The distinction between the two has been done away with in Visual Studio 2008.
Websites - No solution file will be created. If we want to create websites no need for visual studio.
Web Application - A solution file will be created. If we want to create web application should need the visual studio. It will create a single
.dll file in bin folder.
CompilationFirstly there is a difference in compilation. Web Site is not pre-compiled on server, it is compiled on file. It may be an advantage because when you want to change something in your Web Site you can just download a specific file from server, change it and upload this file back to server and everything would work fine. In Web Application you can't do this because everthing is pre-compiled and you end up with only one dll. When you change something in one file of your project you have to re-compile everything again. So if you would like to have a possibility to change some files on server Web Site is better solution for you. It also allows many developers to work on one Web Site. On the other side, if you don't want your code to be available on server you should rather choose Web Application. This option is also better for Unit Testing because of one DLL file being created after publishing your website.
There is also a difference in the structure of the project. In Web Application you have a project file just like you had it in normal application. In Web Site there is no traditional project file, all you have is solution file. All references and settings are stored in web.config file.
There is a different attribute in @Page directive for the file that contains class associated with this page. In Web Application it is standard "CodeBehind", in Web Site you use "CodeFile". You can see this in the examples below:
Web Application: <%@ Page Language="C#" AutoEventWireup="true" CodeBehind="Default.aspx.cs" Inherits="WebApplication._Default" %>
<%@ Page Language="C#" AutoEventWireup="true" CodeFile="Default.aspx.cs" Inherits="_Default" %>
Namespaces - In the example above you can see also another difference - how namespaces are created. In Web Application namespace is simply a name of the project. In Website there is default namespace ASP for dynamically compiled pages.
Edit and Continue- In Web Application Edit and Continue option is available (to turn it on you have to go to Tools Menu, click Options then find Edit and Continue in Debugging). This feature is not working in Web Site.ASP.NET MVCIf you want to develop web applications using
ASP.NET MVC (Model View Controller) the best and default option is Web Application. Although it's possible to use MVC in Web Site it's not recommended.
Summary - The most important difference between ASP.NET Web Application and Web Site is compilation. So if you work on a bigger project where a few people can modify it it's better to use Web Site. But if you're doing a smaller project you can use Web Application as well.
In a web application you can create the layers of your project's functionality and can create inter-dependencies between them by dividing it into many projects, but you can never do this on a website.
A "web site" has its code in a special App_Code directory and it's compiled into several DLLs (assemblies) at runtime. A "web application" is precompiled into one single DLL.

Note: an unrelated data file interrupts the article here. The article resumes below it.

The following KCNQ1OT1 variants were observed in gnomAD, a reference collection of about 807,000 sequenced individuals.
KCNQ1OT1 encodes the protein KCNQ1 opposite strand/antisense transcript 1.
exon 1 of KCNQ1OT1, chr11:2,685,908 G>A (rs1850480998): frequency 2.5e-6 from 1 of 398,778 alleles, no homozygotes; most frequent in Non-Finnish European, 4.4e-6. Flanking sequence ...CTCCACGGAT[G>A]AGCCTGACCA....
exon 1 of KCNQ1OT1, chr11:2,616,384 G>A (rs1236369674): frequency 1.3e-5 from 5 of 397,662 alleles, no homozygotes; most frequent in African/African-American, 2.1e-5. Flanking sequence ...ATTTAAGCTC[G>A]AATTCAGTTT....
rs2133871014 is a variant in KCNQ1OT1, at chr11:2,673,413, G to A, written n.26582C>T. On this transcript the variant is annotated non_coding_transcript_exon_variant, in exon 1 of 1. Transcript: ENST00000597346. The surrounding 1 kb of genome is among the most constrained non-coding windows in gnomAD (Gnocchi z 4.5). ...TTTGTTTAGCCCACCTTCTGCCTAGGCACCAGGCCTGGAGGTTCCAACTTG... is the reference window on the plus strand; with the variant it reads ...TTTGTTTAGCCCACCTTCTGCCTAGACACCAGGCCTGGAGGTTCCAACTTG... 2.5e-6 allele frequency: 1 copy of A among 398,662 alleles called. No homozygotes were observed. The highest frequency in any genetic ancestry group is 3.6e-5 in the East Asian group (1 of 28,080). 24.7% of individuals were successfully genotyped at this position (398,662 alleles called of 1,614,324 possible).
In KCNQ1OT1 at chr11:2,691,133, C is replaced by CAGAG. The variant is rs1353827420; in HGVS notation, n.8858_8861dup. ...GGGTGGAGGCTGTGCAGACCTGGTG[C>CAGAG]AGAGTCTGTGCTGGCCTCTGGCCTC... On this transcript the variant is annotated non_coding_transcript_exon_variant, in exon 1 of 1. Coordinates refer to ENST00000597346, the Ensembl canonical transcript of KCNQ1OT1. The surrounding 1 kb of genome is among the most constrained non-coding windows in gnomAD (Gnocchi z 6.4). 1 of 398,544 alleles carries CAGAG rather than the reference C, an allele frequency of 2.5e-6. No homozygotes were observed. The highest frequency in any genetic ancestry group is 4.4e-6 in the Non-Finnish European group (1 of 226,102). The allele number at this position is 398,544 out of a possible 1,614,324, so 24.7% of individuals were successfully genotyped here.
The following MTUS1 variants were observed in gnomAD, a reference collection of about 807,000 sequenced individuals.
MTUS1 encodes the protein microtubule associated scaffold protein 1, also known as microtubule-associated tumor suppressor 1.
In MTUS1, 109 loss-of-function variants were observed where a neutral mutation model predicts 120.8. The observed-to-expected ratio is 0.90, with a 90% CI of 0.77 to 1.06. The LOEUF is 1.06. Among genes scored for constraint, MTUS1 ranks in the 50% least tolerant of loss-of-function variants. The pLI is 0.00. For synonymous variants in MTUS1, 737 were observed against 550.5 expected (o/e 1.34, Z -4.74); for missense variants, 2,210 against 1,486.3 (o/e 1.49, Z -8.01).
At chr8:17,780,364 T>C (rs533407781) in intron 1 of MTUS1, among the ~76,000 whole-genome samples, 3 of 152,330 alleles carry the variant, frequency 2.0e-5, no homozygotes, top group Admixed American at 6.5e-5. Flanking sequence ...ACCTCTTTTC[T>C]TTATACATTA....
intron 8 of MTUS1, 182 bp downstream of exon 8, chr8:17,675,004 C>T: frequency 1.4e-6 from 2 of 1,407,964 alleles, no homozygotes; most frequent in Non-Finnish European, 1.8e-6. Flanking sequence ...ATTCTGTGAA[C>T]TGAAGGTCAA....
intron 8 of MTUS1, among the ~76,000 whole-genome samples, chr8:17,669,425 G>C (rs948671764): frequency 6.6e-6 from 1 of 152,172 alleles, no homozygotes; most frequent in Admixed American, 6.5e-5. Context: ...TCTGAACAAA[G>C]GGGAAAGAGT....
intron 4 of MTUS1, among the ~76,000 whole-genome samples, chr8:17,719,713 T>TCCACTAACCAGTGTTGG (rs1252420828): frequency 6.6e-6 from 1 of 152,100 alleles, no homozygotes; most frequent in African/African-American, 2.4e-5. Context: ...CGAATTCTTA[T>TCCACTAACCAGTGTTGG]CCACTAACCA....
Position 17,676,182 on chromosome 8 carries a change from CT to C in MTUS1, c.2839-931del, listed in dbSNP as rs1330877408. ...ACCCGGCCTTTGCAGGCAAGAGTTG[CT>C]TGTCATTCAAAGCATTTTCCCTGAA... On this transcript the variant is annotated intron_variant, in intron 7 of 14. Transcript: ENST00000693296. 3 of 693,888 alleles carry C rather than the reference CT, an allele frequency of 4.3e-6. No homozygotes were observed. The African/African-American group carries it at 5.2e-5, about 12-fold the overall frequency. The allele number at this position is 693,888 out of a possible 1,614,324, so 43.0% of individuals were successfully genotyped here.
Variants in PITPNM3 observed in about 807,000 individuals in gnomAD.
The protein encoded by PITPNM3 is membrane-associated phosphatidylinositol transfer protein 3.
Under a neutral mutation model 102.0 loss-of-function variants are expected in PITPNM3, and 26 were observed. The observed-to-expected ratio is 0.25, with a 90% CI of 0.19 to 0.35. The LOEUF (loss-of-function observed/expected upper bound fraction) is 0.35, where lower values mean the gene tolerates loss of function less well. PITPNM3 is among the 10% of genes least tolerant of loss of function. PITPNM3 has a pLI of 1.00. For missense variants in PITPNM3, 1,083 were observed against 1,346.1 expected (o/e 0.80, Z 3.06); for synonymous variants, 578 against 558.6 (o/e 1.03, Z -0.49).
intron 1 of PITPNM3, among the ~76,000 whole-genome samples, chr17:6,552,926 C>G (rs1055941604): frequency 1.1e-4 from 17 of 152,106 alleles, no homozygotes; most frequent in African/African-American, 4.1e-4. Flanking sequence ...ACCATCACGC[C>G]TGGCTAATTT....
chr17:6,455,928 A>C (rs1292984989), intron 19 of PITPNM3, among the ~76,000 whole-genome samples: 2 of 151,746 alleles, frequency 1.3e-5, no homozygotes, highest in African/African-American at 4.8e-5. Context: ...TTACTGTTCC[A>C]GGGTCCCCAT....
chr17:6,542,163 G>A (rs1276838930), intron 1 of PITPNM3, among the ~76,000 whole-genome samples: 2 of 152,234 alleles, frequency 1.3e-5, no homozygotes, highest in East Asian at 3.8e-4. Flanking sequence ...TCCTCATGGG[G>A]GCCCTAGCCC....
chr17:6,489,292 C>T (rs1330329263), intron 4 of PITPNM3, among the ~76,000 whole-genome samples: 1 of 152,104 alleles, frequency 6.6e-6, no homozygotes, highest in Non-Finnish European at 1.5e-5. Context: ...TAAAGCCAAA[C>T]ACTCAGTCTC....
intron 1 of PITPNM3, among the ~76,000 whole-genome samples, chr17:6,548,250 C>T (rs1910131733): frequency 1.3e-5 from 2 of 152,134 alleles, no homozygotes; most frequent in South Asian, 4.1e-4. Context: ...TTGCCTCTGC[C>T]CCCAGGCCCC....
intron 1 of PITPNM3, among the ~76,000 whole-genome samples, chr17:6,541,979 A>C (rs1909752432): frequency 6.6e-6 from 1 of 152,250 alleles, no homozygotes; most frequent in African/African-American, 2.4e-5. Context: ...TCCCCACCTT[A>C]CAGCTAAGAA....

WebSite : It generates app_code folder automatically and if you publish it on the server and after that if you do some changes in any particular file or page than you don't have to do compile all files.
Web Application It generates solutions file automatically which website doesn't generate and if you change in one file than you have to compile full project to reflects its changes.
This may sound a bit obvious, but I think it's something that is misunderstood because Visual Studio 2005 only shipped with the web site originally. If your project deals with a website that is fairly limited and doesn't have a lot of logical or physical separation, the website is fine. However if it is truly a web application with different modules where many users add and update data, you are better off with the web application.
The biggest pro of the website model is that anything in the
app_code section is dynamically compiled. You can make C# file updates without a full redeploy. However this comes at a great sacrifice. A lot of things happen under the covers that are difficult to control. Namespaces are difficult to control and specific DLL usage goes out the window by default for anything under
app_code since everything is dynamically compiled.
The web application model does not have dynamic compilation, but you gain control over the things that I have mentioned.
If you are doing n-tier development, I highly recommend the web application model. If you are doing a limited web site or a quick and dirty implementation, the web site model may have advantages.
More detailed analysis can be found in:
Applications are usually compiled before deployment where as the website makes use of the app_code directory. When anything changes in the app code folder the server will re-compile the code. This means that you can add/ change code with a website on the fly.
The advantage of an app is that there is no re-compiling and so initial start up times will be faster.
Unless you have a specific need for a dynamically compiled project, don't use a web site project.
Why? Because web site project will drive you up the wall when trying to change or understand your project. The static typing find features (e.g. find usages, refactor) in Visual Studio will all take forever on any reasonably sized project. For further information, see the Stack Overflow question Slow “Find All References” in Visual Studio.
I really can't see why they dropped web applications in Visual Studio 2005 for the pain-inducing, sanity-draining, productivity carbuncle web site project type.